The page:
It is the 6th of September 2020. Welcome to the Christian History Almanac brought to you by 1517 at I'm Dan van Voorhis.

The year was 1797.

In 1797, America was vacillating between supporting the British or the French in their respective wars. One's commitment to either could perhaps tell you more about their politics than anything else. Between the divisive election complete with smear campaigns, the parties remained divided over foreign policy. Furthermore, conflict with a Muslim nation on the Barbary coast of Africa led to a treaty and a remarkable confession from a member of the founding generation itself. The treaty was with Tripoli, modern-day Libya, and it set the terms for Libyans, helping keep the seas clear of the pirates who wreaked havoc on trade and transport.

Soon enough, the treaty was invalidated, but the 11th article is worth quoting; it reads: "As the government of the United States of America is not in any sense founded on the Christian Religion… and as the said States never have entered into any war or act of hostility against any (Muslim) nation, it is declared by the parties that no pretext arising from religious opinions shall ever produce an interruption of the harmony existing between the two countries.” It is a striking statement that is even more when you consider that language was ratified, and there was minimal dissent over the language at the time.

1797 also saw the Peace of Tolentino. With Napoleon on the rampage, the Pope attempted to assuage him by ceding Papal lands to the French. While Napoleon accepted the agreement, he was already making plans to sack Rome at a later date.

In Russia, Catherine the Great died, putting her son Paul on the throne. Paul was mostly insignificant compared to other Romanovs, except for a significant change he made to the laws of royal succession. The Pauline laws enshrined primogeniture as the only legal means for succession. While the rule of the first son was not at all uncommon across Europe, it was in Russia. Up through Catherine the Great, the royalty of the Russian Empire chose their successor regardless of birth order. This led to relative stability and fewer crises. The Pauline Laws would introduce a new level of instability to Russian imperial politics.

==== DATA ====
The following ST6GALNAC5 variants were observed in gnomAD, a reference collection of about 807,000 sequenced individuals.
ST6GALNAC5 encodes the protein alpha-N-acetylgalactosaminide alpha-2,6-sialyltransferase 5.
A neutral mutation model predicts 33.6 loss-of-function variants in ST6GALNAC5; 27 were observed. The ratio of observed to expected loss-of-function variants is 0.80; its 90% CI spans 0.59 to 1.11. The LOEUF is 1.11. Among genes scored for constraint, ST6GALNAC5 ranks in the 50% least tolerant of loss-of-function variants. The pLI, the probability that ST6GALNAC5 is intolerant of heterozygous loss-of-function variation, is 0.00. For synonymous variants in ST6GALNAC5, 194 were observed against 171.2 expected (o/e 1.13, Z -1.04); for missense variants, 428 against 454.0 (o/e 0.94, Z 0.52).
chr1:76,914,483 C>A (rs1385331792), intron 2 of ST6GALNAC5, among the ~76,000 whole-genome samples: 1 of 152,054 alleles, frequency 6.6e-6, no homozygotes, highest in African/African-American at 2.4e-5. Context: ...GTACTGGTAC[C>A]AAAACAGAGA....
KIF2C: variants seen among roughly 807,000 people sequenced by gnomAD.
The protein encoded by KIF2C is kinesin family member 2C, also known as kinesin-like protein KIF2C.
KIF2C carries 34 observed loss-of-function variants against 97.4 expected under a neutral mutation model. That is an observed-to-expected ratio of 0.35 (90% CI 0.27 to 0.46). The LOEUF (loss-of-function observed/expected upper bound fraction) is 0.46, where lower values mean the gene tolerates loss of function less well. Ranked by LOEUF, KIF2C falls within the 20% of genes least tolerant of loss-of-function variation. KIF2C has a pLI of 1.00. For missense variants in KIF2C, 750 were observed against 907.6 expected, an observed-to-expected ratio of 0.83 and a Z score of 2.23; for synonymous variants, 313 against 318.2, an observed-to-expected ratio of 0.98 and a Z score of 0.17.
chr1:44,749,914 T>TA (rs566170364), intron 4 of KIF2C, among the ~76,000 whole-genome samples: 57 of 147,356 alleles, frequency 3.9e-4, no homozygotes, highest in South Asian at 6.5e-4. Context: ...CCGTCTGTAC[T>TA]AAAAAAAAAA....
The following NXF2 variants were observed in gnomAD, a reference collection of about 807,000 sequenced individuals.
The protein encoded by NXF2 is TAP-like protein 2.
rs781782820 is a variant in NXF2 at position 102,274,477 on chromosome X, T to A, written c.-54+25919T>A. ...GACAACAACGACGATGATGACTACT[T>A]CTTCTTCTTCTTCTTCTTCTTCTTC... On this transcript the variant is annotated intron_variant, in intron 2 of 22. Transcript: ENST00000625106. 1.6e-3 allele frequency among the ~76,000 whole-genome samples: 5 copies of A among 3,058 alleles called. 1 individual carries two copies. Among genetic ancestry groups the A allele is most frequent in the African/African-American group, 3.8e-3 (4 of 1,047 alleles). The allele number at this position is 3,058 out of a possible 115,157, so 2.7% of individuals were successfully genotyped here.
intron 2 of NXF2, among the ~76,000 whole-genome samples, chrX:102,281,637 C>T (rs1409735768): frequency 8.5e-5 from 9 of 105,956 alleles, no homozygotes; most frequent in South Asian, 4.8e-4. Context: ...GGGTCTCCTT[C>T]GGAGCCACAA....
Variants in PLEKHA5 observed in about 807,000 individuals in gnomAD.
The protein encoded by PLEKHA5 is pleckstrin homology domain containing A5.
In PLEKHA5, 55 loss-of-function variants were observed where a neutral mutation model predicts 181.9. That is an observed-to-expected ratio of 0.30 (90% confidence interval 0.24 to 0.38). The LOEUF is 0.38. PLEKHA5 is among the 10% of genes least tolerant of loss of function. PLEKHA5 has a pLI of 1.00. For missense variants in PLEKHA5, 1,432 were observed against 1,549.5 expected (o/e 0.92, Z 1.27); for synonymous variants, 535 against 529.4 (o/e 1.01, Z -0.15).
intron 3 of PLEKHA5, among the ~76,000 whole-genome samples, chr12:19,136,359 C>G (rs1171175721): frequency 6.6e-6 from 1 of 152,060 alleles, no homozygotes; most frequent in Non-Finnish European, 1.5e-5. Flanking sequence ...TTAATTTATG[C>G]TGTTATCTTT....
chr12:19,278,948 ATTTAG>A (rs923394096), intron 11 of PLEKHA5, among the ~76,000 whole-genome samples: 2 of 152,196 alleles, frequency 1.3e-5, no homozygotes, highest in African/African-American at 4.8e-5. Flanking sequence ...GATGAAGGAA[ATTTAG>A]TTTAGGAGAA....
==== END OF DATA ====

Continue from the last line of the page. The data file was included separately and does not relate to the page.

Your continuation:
And we stay in Russia as it was on this, the 6th of September, in 1797, that the man who became known as St. Innocent of Alaska was born. Originally named John Popov-Veniaminov, the son of a church worker, he entered the seminary in 1807 in his hometown of Irkutsk, Russia. He was ordained in a local church, married, and had a son. When the church wanted to call a missionary from Irkutsk, no one volunteered, and eventually, John Popov-Veniaminov agreed.

From 1823, he served the Aleutian Islands on the island of Sitka and amongst the Tlingit. This would take him across the Bering Strait and into the Gulf of Alaska. In 1840, his wife died, and John was convinced to join a religious order and took the tonsure, as well as the name Innocent. He translated a catechism and a Gospel into the Aleut language. Because of his tireless translating, he delivered the word of God to natives in at least six of their languages.

His last call was to be the Metropolitan of Moscow. Moscow to modern-day Alaska would be a large territory for ministry regardless of the year. But doing so in the 19th century using a canoe to get between islands in the Gulf of Alaska would take an extraordinarily devoted missionary.

For his work, the Archbishop was recognized in 1977 as Saint Innocent, Metropolitan of Moscow, Enlightener of the Aleuts, and Apostle to the Americas. Born John Popov-Veniaminov, he died at the age of 81, in 1879.

The reading for today comes from Kate Bowler from her excellent book, "Everything Happens for a Reason: And Other Lies I've Loved."

"What would it mean for Christians to give up that little piece of the American Dream that says, "You are limitless"? Everything is not possible. The mighty Kingdom of God is not yet here. What if rich did not have to mean wealthy, and whole did not have to mean healed? What if being people of "the gospel" meant that we are simply people with good news? God is here. We are loved. It is enough."

This has been the Christian History Almanac for the 6th of September 2020 brought to you by 1517 at The show is produced, the Enlightener of Wisconsinites and Apostle on the Airwaves, Christopher Gillespie. The show is written and read by Dan van Voorhis. You can catch us here every day. and remember that the rumors of grace, forgiveness, and the redemption of all things are true…. Everything is going to be ok.